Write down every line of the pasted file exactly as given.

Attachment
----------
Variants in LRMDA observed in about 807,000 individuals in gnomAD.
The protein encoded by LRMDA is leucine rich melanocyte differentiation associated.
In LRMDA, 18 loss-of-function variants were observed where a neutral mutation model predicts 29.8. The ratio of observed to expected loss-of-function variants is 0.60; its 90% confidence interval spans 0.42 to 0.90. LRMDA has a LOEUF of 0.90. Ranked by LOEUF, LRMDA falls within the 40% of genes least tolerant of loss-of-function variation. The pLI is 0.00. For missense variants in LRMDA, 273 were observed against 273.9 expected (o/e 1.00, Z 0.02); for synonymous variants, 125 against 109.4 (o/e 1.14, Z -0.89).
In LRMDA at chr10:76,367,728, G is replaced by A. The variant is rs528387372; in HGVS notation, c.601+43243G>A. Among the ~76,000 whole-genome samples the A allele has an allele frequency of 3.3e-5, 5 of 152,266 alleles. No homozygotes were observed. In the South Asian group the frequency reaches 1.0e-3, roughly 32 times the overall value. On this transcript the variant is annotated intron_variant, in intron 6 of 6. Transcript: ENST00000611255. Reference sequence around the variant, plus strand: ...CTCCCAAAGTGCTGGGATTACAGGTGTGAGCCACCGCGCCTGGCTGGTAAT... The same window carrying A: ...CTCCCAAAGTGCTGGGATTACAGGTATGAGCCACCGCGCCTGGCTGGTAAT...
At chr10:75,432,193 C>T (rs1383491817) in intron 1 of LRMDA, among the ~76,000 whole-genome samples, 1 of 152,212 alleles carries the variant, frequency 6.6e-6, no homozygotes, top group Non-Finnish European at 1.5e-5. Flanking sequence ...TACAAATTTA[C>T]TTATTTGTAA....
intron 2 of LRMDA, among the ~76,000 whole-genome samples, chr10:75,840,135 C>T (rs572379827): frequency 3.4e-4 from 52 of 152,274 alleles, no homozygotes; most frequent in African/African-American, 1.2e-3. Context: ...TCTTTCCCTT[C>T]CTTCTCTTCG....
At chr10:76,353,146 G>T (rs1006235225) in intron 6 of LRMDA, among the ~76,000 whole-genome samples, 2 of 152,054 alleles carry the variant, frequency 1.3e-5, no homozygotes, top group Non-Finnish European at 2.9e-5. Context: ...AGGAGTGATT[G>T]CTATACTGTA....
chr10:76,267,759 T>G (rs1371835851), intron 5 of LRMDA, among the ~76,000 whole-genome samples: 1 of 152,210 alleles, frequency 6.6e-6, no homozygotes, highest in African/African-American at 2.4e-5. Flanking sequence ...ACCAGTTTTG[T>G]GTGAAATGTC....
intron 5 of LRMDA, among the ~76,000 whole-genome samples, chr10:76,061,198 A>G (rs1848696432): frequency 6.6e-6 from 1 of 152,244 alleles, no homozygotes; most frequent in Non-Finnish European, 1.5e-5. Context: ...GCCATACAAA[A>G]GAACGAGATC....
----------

Variants in LRMDA observed in about 807,000 individuals in gnomAD.
The protein encoded by LRMDA is leucine rich melanocyte differentiation associated.
In LRMDA, 18 loss-of-function variants were observed where a neutral mutation model predicts 29.8. The ratio of observed to expected loss-of-function variants is 0.60; its 90% confidence interval spans 0.42 to 0.90. LRMDA has a LOEUF of 0.90. Ranked by LOEUF, LRMDA falls within the 40% of genes least tolerant of loss-of-function variation. The pLI is 0.00. For missense variants in LRMDA, 273 were observed against 273.9 expected (o/e 1.00, Z 0.02); for synonymous variants, 125 against 109.4 (o/e 1.14, Z -0.89).
In LRMDA at chr10:76,367,728, G is replaced by A. The variant is rs528387372; in HGVS notation, c.601+43243G>A. Among the ~76,000 whole-genome samples the A allele has an allele frequency of 3.3e-5, 5 of 152,266 alleles. No homozygotes were observed. In the South Asian group the frequency reaches 1.0e-3, roughly 32 times the overall value. On this transcript the variant is annotated intron_variant, in intron 6 of 6. Transcript: ENST00000611255. Reference sequence around the variant, plus strand: ...CTCCCAAAGTGCTGGGATTACAGGTGTGAGCCACCGCGCCTGGCTGGTAAT... The same window carrying A: ...CTCCCAAAGTGCTGGGATTACAGGTATGAGCCACCGCGCCTGGCTGGTAAT...
At chr10:75,432,193 C>T (rs1383491817) in intron 1 of LRMDA, among the ~76,000 whole-genome samples, 1 of 152,212 alleles carries the variant, frequency 6.6e-6, no homozygotes, top group Non-Finnish European at 1.5e-5. Flanking sequence ...TACAAATTTA[C>T]TTATTTGTAA....
intron 2 of LRMDA, among the ~76,000 whole-genome samples, chr10:75,840,135 C>T (rs572379827): frequency 3.4e-4 from 52 of 152,274 alleles, no homozygotes; most frequent in African/African-American, 1.2e-3. Context: ...TCTTTCCCTT[C>T]CTTCTCTTCG....
At chr10:76,353,146 G>T (rs1006235225) in intron 6 of LRMDA, among the ~76,000 whole-genome samples, 2 of 152,054 alleles carry the variant, frequency 1.3e-5, no homozygotes, top group Non-Finnish European at 2.9e-5. Context: ...AGGAGTGATT[G>T]CTATACTGTA....
chr10:76,267,759 T>G (rs1371835851), intron 5 of LRMDA, among the ~76,000 whole-genome samples: 1 of 152,210 alleles, frequency 6.6e-6, no homozygotes, highest in African/African-American at 2.4e-5. Flanking sequence ...ACCAGTTTTG[T>G]GTGAAATGTC....
intron 5 of LRMDA, among the ~76,000 whole-genome samples, chr10:76,061,198 A>G (rs1848696432): frequency 6.6e-6 from 1 of 152,244 alleles, no homozygotes; most frequent in Non-Finnish European, 1.5e-5. Context: ...GCCATACAAA[A>G]GAACGAGATC....